Tobacco smoke is another toxic air contaminant that HEPA filters are highly effective at mitigating. Tobacco smoke consists of fine particles that can lead to multiple dangerous respiratory issues, even among secondhand recipients. However, be aware that HEPA filters can’t catch smoke from conventional combustion (such as fireplaces or furnaces), nor can they remove volatile organic compounds (or VOCs), which are airborne chemicals that step from a variety of sources.

What’s the Difference Between True HEPA and HEPA-Type Filters?

When it comes to selecting a HEPA filter, there are a couple of different options: True HEPA filters and HEPA-type filters. These products are often confused and conflated, but they each represent two distinct filtration solutions with markedly different performance levels.

True HEPA filters are engineered to meet strict industry standards established by the U.S. Department of Energy. These filters must certifiably capture at least 99.97% of all particles that are 0.3 microns in diameter. This size range covers dozens of common air contaminants, including most allergens, dust mites, and mold spores. The high-efficiency rating of a True HEPA filter means that it is suitable for use in medical facilities, laboratories, and homes that require optimally purified air.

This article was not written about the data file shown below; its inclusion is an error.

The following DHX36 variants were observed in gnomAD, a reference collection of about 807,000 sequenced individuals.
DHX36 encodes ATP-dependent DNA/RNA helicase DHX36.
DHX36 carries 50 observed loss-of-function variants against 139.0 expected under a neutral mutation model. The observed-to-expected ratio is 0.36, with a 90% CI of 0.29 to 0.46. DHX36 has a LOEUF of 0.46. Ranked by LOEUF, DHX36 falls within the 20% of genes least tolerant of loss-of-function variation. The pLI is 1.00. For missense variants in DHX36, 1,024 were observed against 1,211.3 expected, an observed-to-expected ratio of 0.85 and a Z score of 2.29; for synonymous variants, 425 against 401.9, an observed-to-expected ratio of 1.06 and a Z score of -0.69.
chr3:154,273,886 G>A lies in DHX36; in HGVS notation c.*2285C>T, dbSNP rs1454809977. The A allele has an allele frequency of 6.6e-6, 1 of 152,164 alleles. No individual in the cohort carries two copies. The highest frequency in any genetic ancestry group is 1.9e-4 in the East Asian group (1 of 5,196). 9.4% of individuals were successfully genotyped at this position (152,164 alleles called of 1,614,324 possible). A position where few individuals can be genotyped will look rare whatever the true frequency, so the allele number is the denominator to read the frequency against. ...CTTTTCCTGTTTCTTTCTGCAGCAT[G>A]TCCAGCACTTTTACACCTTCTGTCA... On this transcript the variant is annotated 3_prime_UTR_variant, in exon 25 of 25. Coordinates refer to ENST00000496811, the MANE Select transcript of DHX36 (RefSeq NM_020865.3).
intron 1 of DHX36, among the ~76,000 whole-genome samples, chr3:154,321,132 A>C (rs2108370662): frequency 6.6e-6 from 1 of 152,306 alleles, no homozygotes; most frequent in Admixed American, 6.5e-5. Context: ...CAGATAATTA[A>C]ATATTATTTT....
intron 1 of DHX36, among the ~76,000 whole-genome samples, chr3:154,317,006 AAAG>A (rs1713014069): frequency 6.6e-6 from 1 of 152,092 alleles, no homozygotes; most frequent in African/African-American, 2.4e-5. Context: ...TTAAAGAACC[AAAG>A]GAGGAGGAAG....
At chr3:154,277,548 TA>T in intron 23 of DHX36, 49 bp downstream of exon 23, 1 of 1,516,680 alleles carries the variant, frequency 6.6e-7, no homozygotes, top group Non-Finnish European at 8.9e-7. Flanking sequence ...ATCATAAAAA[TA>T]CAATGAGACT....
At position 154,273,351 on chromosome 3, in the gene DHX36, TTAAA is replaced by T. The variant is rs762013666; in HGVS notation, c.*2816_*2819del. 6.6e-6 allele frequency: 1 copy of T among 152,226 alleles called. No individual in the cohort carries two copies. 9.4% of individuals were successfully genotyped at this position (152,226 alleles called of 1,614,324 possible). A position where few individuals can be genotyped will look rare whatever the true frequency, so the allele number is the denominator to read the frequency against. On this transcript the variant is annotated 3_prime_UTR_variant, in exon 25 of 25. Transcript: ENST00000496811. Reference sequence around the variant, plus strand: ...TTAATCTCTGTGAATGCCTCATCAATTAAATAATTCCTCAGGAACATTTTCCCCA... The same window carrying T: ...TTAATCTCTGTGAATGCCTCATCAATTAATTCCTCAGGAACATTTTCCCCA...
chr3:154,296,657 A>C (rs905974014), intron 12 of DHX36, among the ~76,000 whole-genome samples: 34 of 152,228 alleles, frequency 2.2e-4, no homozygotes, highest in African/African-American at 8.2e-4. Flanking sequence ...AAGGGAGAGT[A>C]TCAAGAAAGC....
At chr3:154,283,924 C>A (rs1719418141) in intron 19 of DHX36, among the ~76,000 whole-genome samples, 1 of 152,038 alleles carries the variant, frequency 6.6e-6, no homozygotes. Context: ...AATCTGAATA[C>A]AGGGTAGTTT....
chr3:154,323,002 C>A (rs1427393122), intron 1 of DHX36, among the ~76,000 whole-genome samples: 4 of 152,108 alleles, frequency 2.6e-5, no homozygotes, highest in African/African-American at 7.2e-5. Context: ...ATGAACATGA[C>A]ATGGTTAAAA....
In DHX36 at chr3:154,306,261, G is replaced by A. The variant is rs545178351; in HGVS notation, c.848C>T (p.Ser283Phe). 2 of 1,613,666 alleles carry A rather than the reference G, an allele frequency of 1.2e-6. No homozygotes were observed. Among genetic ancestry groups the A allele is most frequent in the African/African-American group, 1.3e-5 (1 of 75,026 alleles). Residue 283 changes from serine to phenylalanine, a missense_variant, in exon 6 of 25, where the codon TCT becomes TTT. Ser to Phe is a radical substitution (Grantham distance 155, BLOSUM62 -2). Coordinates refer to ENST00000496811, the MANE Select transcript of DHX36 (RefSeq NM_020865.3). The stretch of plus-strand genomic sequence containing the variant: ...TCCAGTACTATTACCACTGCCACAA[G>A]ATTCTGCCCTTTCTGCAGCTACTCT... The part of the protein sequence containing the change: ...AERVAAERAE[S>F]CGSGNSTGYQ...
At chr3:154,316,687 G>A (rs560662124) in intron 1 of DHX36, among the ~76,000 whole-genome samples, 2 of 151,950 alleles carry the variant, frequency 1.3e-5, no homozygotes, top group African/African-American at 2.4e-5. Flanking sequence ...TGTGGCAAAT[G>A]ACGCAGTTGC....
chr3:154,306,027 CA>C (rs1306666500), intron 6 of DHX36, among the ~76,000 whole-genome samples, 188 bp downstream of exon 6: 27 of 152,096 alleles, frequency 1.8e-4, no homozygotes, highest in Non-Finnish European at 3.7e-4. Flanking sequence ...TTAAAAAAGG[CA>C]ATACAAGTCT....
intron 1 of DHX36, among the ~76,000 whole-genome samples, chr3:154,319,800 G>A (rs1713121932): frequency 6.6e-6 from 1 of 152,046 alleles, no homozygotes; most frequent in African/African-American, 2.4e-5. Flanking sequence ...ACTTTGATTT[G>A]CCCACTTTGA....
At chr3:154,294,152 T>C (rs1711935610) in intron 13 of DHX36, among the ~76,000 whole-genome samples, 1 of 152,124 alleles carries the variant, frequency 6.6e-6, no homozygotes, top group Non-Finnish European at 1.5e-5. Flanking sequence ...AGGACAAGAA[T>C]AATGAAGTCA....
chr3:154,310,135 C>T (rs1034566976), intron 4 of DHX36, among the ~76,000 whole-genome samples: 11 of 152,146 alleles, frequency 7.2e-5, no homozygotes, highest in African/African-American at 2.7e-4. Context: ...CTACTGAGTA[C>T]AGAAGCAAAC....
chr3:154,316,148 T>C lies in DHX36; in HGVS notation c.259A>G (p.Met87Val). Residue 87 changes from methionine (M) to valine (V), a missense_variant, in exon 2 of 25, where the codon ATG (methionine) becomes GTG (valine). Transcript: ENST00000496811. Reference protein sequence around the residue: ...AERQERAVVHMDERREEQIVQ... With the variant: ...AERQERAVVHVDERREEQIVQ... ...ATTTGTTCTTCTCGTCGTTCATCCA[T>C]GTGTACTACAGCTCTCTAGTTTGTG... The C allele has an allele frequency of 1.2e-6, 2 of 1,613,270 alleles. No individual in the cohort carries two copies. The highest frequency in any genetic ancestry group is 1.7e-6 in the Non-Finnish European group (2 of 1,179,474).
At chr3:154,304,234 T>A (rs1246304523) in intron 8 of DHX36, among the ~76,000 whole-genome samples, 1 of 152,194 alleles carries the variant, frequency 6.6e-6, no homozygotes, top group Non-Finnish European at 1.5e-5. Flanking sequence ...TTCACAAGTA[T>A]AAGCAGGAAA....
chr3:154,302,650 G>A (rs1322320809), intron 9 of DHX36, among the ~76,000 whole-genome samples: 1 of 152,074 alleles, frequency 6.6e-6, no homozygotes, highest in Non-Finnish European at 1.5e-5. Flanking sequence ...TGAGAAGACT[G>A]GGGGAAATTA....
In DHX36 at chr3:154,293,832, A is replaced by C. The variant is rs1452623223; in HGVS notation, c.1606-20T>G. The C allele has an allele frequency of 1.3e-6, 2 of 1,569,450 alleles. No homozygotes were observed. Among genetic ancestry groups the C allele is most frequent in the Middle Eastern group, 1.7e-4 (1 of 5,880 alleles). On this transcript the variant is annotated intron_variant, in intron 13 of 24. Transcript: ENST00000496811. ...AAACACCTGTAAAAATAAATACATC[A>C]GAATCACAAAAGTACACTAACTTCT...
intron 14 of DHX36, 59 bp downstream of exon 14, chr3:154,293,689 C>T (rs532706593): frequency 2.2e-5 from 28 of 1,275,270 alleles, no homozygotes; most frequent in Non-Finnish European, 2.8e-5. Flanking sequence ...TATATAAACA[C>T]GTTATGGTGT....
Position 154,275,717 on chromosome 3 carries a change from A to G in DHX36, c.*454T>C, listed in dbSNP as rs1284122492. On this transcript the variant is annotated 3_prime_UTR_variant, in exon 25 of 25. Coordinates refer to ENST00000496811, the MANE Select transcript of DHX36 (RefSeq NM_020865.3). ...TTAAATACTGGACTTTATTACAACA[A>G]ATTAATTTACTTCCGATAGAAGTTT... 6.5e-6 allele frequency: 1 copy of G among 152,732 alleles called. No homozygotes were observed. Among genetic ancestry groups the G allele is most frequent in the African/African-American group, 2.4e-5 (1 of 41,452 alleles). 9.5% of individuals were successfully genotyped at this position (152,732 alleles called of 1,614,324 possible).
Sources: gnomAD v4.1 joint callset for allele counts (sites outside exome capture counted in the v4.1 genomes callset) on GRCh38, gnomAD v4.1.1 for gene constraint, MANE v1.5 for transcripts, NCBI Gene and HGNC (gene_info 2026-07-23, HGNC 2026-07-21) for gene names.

HEPA-type filters aren’t actually HEPA filters at all, as a filter can either be HEPA or not. Instead, anything labeled HEPA-type or semi-HEPA still works similarly to HEPA filters but will not be able to perform to the same degree. They’re not required to meet the same strict government regulatory standards as True HEPA filters. This filtration solution does, however, still capture a significant amount of particulate matter. It typically eliminates anywhere from 85 to 90% of particles as small as 1 micron.

On the downside, this means the filters will miss many of the smaller particles that a True HEPA filter would otherwise trap. HEPA-type filters are more useful for general air cleaning applications. They shouldn’t be relied upon in critical environments like hospitals with stringent air purity requirements, however.